Whistleblowing NHS worker to challenge NDA in test case for gagging orders

 

sueallisonnews_rahmanlowe

In what is believed to be the first of its kind against a large NHS Trust, Rahman Lowe client Sue Allison is due to challenge the non-disclosure agreement (NDA) she was pressured to sign, in a hearing which could have major implications for whistleblowers and the future of gagging orders.

Our client, a radiographer blew the whistle on NHS malpractice. In 2012, Sue Allison, 57, reported a string of missed cancer diagnoses and wider concerns about standards of care in a breast screening unit at Morecambe Bay NHS Foundation Trust.

After raising concerns with a colleague, the pair claimed they were ostracised and subjected to extensive bullying, eventually leading them to file formal grievance complaints against the trust.

Mrs Allison believes she has been blacklisted in the NHS and says she has been asked about being a whistleblower in a number of subsequent job applications she’s made in places as far away as Kingston.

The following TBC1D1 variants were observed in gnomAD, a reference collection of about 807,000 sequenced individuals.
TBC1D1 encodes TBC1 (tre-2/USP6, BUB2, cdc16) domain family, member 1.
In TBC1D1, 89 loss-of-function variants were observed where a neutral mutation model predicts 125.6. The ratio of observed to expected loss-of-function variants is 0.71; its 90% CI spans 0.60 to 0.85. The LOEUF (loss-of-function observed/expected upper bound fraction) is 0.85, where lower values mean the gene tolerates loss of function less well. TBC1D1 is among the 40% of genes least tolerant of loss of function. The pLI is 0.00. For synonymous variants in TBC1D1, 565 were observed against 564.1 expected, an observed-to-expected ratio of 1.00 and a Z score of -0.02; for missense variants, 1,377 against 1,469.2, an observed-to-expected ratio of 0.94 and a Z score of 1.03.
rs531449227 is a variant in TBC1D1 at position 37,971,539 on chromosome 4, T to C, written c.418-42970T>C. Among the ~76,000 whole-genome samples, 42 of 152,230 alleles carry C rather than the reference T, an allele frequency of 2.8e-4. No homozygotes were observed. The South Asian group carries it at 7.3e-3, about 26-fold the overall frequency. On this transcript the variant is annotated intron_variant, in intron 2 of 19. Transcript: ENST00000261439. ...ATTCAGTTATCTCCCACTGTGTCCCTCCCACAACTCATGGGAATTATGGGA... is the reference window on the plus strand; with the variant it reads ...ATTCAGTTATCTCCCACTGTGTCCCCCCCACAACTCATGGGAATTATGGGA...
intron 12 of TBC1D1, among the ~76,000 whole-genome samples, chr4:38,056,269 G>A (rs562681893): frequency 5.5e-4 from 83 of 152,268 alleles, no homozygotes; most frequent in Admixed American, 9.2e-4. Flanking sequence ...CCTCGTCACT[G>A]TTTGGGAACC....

Rahman Lowe partner, Jahad Rahman said the case could have wide implications for attempts to silence not just whistleblowers, but also victims of crime or abuse.

“Hopefully this case will significantly contribute to the debate about whether or not it’s right to silence individuals raising concerns about wrongdoing and misconduct in the workplace…the outcome is likely to give them confidence to speak out,” he said.

“We need people to come forward or else we are exposing the public to danger.

“This case goes beyond the remit of whistleblowers, in fact. NDAs should never be used to cover up criminal activity at work, as we’ve seen them being employed for cases of discrimination and sexual harassment at work. Sexual assault is a criminal offence”.

Our client’s case has received considerable press attention and was reported in the Sunday Telegraph.

For further information, or to discuss a whistleblowing matter, please contact us on 0207 956 8699 or info@rllaw.co.uk.

Credit: The Sunday Telegraph

 

  • Get in touch:
    020 7956 8699